The audience comes in with their minds a blank slate, ready for anything. The first few minutes of the show tell them what to expect, both in terms of content and in terms of style. For better or for worse, many audience members will take the way the beginning of the show makes them feel and hold onto that. There are certainly great musicals I could never get into because I couldn't get over how unaffecting I found the first song. And the opposite is true too; I have thoroughly enjoyed some pieces I otherwise found mediocre just by riding the high of their fabulous openings.
10. "The Heat Is on in Saigon" from Miss Saigon
Miss Saigon, Claude-Michel Schönberg and Alain Boublil's follow-up to their mega-hit Les Misérables, explodes onto the stage with a rocking, rollicking circus of sights and sounds to conjure Vietnam War-era Saigon and introduce the main characters.
9. "It's Your Wedding Day" from The Wedding Singer
People who watched the cast of The Wedding Singer performing "It's Your Wedding Day" on the 2006 Tony Awards must have scratched their heads at why this show didn't enjoy a longer run. This infectious tune is capable of getting even the crankiest theatregoers out of their seats and dancing into the aisles.
8. "Magic To Do" from Pippin
Stephen Schwartz's instant classic "Magic To Do" is not only one of the composer-lyricist's most memorable songs; it's also a prime example of the work of Bob Fosse. The synergy of these titans is so intense in this number that it changed the way Broadway musicals used television advertising thanks to the scintillating Pippin commercial.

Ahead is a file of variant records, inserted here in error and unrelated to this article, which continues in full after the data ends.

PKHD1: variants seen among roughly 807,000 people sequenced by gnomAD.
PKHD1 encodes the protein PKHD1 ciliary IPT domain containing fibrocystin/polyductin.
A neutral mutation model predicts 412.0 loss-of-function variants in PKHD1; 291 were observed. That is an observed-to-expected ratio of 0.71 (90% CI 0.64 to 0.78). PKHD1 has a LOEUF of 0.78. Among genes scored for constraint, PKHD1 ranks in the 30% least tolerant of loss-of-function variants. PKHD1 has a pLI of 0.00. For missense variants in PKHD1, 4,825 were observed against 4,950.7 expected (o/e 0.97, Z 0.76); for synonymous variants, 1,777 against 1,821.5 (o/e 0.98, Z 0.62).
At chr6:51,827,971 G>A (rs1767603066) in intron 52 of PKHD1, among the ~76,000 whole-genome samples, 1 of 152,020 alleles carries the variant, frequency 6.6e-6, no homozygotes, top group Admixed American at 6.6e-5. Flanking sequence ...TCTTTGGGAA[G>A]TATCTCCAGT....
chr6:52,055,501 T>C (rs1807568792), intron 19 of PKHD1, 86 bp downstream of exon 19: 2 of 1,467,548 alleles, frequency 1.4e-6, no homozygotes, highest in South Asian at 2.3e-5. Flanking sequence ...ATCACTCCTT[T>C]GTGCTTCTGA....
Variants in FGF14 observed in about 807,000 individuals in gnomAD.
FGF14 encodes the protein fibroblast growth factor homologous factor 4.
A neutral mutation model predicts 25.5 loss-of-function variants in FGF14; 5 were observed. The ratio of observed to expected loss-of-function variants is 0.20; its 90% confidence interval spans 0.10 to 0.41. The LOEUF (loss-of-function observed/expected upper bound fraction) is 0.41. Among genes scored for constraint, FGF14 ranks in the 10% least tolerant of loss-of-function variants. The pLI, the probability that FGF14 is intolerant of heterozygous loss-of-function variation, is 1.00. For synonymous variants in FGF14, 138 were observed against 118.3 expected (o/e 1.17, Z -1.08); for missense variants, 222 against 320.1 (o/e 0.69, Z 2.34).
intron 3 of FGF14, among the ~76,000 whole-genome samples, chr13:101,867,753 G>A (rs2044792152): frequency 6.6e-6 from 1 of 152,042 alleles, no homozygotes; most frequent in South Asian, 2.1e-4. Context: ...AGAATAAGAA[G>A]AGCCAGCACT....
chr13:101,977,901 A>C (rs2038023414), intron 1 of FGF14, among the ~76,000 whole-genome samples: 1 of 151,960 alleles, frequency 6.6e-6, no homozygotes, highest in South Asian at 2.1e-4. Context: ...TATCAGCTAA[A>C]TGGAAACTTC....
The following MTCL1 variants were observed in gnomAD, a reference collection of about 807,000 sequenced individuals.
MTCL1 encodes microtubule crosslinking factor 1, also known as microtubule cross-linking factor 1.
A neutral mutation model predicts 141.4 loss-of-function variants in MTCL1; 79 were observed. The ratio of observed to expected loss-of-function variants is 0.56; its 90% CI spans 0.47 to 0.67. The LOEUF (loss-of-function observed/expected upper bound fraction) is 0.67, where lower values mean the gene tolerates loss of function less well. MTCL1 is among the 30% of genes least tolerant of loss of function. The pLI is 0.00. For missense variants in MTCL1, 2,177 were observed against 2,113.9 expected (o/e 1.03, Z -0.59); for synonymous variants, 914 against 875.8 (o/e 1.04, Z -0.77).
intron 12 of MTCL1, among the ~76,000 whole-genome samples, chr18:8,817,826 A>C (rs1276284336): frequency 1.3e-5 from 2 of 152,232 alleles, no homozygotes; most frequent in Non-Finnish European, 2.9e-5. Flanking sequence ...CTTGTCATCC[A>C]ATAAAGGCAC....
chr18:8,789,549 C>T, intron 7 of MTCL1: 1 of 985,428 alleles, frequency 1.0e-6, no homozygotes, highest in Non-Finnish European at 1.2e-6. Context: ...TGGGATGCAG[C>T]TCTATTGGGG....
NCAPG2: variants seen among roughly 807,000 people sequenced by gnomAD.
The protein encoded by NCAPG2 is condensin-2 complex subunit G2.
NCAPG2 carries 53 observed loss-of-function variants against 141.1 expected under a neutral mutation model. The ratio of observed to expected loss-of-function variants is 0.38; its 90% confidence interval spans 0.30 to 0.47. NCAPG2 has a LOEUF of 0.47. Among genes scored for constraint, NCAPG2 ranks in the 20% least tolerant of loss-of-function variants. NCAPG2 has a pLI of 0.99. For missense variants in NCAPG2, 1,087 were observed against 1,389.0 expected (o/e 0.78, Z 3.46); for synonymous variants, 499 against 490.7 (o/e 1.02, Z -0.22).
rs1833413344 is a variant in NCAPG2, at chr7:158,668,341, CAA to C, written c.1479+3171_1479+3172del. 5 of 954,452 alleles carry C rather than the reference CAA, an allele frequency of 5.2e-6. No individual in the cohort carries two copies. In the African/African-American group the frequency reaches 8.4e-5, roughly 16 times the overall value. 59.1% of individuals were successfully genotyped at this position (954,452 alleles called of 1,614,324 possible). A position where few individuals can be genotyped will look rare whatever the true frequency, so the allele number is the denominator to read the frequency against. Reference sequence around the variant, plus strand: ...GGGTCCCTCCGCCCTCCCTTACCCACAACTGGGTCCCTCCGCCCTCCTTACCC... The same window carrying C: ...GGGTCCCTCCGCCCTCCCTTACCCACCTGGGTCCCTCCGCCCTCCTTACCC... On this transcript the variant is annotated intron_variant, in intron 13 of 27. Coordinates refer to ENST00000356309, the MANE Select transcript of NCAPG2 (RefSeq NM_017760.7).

7. "Willkommen" from Cabaret
Another song that, like "Magic To Do," acknowledges the audience in the theatre, welcoming them to the show, quite literally, is "Willkommen" from Cabaret. Especially when performed by Tony winner Alan Cumming, this seductive song is hard to resist, despite the undercurrent of danger it suggests — or maybe because of it.
6. "I, Don Quixote" from Man of La Mancha
Of the handful of standards to come out of the long-running Man of La Mancha, the show opens with its most powerful punch in "I, Don Quixote." This battle cry grips the audience with its passion and enthralls them in the story to come.
5. "Good Morning, Baltimore" from Hairspray
From the beginning retro pop "Oh, oh, oh," leading into the 1960s style "wall of sound," including rich strings and abundant backing vocals "Good Morning, Baltimore" introduces us and endears us to Tracy Turnblad.
4. "Company" from Company
No song fully captures the sound and feeling of its time period as thoroughly as the opening title tune to Stephen Sondheim's 1970 watershed Company. The first notes the audience hears out of the orchestra, a droning busy signal, give way to an excitingly insistent jump into crazy, cosmopolitan city life.
3. "The Best of All Possible Worlds" from Candide
Oftentimes in productions of Candide today, different songs are performed first, and "The Best of All Possible Worlds" appears later in the show. There may be valid dramaturgical reasons for doing this, but for money, the only song that can hold an audience's attention, following Leonard Bernstein's thrilling Candide overture, is the show's original opening number, "The Best of All Possible Worlds."
2. "Another Opening, Another Show" from Kiss Me, Kate
If the measure is pure goosebumps alone, probably no song can compete with Kiss Me, Kate's famous first tune, "Another Opening Another Show." Besides the visceral thrill and the lyrics that set up the story, this standard is also a stand-alone anthem for theatre people everywhere.
1. "Tradition" from Fiddler On The Roof
If Fiddler on the Roof represents the apex of the Golden Age of Broadway Musicals, the epitome of the integrated storytelling book, music, lyrics, staging, choreography and design the genre came to be known for, then "Tradition" is its finest hour — or finest five or six minutes anyway. We meet the cast, we understand their world, we learn what they are all about, what the show will be about and, on top of that, we are entertainingly made to fall in love with what's to come.